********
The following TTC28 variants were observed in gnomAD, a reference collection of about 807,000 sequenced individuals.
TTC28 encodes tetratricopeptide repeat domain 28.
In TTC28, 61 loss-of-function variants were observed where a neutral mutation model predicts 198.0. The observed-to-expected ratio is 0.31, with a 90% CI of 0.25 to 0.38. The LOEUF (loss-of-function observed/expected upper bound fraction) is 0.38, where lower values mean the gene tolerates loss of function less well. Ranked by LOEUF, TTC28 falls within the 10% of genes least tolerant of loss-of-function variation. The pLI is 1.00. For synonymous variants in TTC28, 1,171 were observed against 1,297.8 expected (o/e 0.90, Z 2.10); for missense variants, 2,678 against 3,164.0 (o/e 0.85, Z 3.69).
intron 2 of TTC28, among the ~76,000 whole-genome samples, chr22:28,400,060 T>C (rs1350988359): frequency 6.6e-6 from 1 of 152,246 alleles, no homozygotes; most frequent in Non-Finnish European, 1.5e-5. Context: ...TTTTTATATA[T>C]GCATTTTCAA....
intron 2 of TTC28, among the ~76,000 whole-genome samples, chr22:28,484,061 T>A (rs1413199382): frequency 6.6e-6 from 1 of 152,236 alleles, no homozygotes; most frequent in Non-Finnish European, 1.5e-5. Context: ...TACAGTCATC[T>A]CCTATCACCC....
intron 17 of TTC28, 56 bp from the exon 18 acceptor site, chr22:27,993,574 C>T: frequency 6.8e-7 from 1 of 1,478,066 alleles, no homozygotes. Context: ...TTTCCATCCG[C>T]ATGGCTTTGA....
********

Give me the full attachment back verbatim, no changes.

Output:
The following TTC28 variants were observed in gnomAD, a reference collection of about 807,000 sequenced individuals.
TTC28 encodes tetratricopeptide repeat domain 28.
In TTC28, 61 loss-of-function variants were observed where a neutral mutation model predicts 198.0. The observed-to-expected ratio is 0.31, with a 90% CI of 0.25 to 0.38. The LOEUF (loss-of-function observed/expected upper bound fraction) is 0.38, where lower values mean the gene tolerates loss of function less well. Ranked by LOEUF, TTC28 falls within the 10% of genes least tolerant of loss-of-function variation. The pLI is 1.00. For synonymous variants in TTC28, 1,171 were observed against 1,297.8 expected (o/e 0.90, Z 2.10); for missense variants, 2,678 against 3,164.0 (o/e 0.85, Z 3.69).
intron 2 of TTC28, among the ~76,000 whole-genome samples, chr22:28,400,060 T>C (rs1350988359): frequency 6.6e-6 from 1 of 152,246 alleles, no homozygotes; most frequent in Non-Finnish European, 1.5e-5. Context: ...TTTTTATATA[T>C]GCATTTTCAA....
intron 2 of TTC28, among the ~76,000 whole-genome samples, chr22:28,484,061 T>A (rs1413199382): frequency 6.6e-6 from 1 of 152,236 alleles, no homozygotes; most frequent in Non-Finnish European, 1.5e-5. Context: ...TACAGTCATC[T>A]CCTATCACCC....
intron 17 of TTC28, 56 bp from the exon 18 acceptor site, chr22:27,993,574 C>T: frequency 6.8e-7 from 1 of 1,478,066 alleles, no homozygotes. Context: ...TTTCCATCCG[C>T]ATGGCTTTGA....